Traditional Japanese architecture is well-known for its high cultural value and heavy influence on such important 20th-century architects as Frank Lloyd Wright and Bruno Taut. The young Wright first came into contact with traditional Japanese spaces at the Chicago World’s Fair in 1893, which led him to discover his approach to space for 20th-century architecture and establish his own original style. In Japan, the likes of Tange Kenzo, Taniguchi Yoshio and Kuma Kengo have achieved remarkable international acclaim for their work reinterpreting traditions in their search for new architectural possibilities. In fact, a number of Japanese architects have won the prestigious Pritzker Architecture Prize, often referred as the Nobel Prize of architecture. The source for this international attention on contemporary Japanese architecture is what we call the genes of Japanese architecture, which have been inherited for centuries and continue to exert a latent influence.
Through rare materials, models and interactive installations, “Japan in Architecture: Genealogies of Its Transformation” comparatively analyzes both the historical as well as modern and contemporary architecture of Japan, presenting an unprecedented array of displays exploring the nation’s architectural expression. Against a backdrop of the increasing global homogenization of architecture today, such an overview of Japanese architecture from a historical perspective provides a superb opportunity for considering the originality of cities and the future of architecture.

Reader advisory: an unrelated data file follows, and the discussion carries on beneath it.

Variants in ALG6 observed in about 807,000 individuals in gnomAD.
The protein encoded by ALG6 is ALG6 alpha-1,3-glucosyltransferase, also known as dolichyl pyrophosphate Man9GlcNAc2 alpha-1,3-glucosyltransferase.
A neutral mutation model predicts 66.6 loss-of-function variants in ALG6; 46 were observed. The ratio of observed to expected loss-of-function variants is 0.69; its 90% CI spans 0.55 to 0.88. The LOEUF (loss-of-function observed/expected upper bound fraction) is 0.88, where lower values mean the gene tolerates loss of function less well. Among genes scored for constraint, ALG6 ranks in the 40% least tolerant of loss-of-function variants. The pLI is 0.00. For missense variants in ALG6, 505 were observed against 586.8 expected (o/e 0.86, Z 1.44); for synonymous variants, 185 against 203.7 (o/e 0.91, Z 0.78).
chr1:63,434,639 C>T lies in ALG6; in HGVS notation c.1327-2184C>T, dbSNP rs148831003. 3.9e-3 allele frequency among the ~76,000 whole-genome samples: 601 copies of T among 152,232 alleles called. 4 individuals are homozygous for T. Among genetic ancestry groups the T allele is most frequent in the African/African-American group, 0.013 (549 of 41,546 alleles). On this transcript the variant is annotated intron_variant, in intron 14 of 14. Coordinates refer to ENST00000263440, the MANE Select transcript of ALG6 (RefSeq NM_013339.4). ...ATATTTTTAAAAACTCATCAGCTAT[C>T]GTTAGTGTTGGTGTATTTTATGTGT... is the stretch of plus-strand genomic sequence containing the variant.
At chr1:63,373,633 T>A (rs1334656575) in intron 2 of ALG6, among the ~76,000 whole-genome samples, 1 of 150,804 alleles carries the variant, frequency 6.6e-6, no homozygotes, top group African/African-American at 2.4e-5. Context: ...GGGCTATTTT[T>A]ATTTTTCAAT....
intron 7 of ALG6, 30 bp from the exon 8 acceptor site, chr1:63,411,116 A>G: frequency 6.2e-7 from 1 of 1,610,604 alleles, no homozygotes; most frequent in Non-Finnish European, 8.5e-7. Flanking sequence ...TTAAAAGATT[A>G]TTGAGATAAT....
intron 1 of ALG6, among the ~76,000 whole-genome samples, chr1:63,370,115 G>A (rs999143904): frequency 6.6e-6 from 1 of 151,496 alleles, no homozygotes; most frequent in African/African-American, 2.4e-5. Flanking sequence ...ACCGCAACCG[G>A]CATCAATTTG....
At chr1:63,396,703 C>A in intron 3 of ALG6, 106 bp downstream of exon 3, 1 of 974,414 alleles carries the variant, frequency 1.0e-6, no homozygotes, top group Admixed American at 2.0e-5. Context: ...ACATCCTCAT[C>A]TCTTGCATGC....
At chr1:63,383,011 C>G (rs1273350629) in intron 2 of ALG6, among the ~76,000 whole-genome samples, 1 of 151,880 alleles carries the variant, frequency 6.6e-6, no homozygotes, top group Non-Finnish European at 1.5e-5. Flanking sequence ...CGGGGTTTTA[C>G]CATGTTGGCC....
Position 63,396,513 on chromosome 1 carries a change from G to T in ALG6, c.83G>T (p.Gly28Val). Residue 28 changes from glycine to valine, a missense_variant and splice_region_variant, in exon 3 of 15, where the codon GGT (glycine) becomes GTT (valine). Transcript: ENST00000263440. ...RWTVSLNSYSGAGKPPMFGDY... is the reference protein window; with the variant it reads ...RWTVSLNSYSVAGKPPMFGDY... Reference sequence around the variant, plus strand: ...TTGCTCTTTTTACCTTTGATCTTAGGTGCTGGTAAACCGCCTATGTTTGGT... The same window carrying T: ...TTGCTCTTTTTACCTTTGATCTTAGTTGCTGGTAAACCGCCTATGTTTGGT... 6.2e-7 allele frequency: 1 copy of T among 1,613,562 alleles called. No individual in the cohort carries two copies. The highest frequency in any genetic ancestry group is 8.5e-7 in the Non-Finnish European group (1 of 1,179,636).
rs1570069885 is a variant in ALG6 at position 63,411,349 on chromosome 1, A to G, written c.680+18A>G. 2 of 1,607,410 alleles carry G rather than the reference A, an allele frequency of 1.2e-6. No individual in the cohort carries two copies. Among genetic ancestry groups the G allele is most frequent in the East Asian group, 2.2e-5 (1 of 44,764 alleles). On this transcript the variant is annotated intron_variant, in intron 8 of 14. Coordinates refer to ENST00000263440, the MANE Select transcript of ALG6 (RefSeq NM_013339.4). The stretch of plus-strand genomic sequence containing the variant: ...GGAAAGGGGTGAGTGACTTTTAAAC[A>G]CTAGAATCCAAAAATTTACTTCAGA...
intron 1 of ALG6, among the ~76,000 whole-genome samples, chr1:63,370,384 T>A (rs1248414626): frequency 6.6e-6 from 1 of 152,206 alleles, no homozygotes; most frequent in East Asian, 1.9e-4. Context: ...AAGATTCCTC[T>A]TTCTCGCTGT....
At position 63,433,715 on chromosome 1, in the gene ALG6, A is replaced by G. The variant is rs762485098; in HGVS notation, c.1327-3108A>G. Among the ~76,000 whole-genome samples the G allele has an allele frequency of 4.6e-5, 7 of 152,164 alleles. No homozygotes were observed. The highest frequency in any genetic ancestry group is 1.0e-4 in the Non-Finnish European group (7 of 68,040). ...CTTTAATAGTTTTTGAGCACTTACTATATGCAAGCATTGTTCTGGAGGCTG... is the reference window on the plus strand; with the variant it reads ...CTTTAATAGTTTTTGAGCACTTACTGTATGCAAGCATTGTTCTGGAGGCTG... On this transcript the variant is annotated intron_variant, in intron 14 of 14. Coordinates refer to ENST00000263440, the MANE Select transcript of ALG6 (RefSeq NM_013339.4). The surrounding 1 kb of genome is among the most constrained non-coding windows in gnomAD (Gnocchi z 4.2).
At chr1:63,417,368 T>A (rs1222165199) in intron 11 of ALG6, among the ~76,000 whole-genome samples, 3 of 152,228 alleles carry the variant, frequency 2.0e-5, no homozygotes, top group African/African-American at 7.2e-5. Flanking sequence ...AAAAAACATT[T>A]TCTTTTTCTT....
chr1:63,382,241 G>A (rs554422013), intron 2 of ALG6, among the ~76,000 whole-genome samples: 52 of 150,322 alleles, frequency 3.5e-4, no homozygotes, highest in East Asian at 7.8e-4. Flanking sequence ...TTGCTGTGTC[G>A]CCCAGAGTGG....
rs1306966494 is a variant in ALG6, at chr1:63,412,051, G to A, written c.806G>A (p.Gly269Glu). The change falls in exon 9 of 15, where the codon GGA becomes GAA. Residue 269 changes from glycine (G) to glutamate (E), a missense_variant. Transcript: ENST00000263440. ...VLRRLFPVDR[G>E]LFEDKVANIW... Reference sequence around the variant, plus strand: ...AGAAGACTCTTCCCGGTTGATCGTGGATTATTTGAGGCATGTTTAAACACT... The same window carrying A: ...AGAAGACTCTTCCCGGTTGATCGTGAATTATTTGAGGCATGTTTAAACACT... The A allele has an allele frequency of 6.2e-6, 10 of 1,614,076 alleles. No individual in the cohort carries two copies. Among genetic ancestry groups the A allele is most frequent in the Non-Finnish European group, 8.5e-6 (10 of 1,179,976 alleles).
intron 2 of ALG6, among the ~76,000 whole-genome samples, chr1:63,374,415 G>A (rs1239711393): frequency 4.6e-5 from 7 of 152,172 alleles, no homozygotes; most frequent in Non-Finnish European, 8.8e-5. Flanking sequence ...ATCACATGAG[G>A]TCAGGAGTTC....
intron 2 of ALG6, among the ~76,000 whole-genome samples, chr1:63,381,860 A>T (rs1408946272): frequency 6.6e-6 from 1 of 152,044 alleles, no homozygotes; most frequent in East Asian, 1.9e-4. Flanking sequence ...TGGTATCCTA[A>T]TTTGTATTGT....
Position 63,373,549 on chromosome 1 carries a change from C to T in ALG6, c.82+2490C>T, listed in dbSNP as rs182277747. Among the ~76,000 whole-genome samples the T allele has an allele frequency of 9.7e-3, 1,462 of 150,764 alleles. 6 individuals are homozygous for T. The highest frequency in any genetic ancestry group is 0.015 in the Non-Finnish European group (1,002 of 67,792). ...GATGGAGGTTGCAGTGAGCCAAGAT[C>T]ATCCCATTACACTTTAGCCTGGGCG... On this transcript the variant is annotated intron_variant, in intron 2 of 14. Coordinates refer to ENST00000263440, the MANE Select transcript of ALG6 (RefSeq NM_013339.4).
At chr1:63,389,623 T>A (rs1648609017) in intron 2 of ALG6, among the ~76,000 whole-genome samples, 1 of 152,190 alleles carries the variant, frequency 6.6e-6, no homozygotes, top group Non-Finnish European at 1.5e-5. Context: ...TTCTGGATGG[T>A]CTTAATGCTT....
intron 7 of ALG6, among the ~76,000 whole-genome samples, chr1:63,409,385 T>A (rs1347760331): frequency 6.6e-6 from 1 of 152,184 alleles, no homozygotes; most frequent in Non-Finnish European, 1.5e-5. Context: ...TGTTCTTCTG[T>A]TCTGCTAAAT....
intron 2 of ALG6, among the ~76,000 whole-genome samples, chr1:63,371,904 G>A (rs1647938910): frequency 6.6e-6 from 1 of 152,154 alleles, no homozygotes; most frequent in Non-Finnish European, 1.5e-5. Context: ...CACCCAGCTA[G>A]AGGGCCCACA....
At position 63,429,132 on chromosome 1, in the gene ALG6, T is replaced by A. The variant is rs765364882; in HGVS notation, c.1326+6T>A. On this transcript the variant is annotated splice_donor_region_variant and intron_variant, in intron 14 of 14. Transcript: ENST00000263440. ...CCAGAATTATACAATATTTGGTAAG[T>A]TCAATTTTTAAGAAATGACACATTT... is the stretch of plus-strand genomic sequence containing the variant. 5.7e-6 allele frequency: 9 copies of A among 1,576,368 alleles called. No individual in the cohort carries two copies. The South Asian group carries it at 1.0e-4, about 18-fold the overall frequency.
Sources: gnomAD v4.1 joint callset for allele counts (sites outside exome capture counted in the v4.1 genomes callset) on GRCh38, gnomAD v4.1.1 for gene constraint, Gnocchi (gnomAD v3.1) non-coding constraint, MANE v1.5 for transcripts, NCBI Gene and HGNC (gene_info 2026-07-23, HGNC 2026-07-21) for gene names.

Japan in Architecture: Genealogies of Its Transformation
|Organizer||Mori Art Museum|
|Curated by||Nanjo Fumio (Director, Mori Art Museum)
Maeda Naotake (Manager, Architecture and Design Programs, Mori Art Museum)
Tokuyama Hirokazu (Associate Curator, Mori Art Museum)
Kurakata Shunsuke (Architectural Historian; Associate Professor, Graduate School of Engineering Urban Engineering [Architecture], Osaka City University)
Ken Tadashi Oshima (Architectural Historian; Professor, Department of Architecture, University of Washington)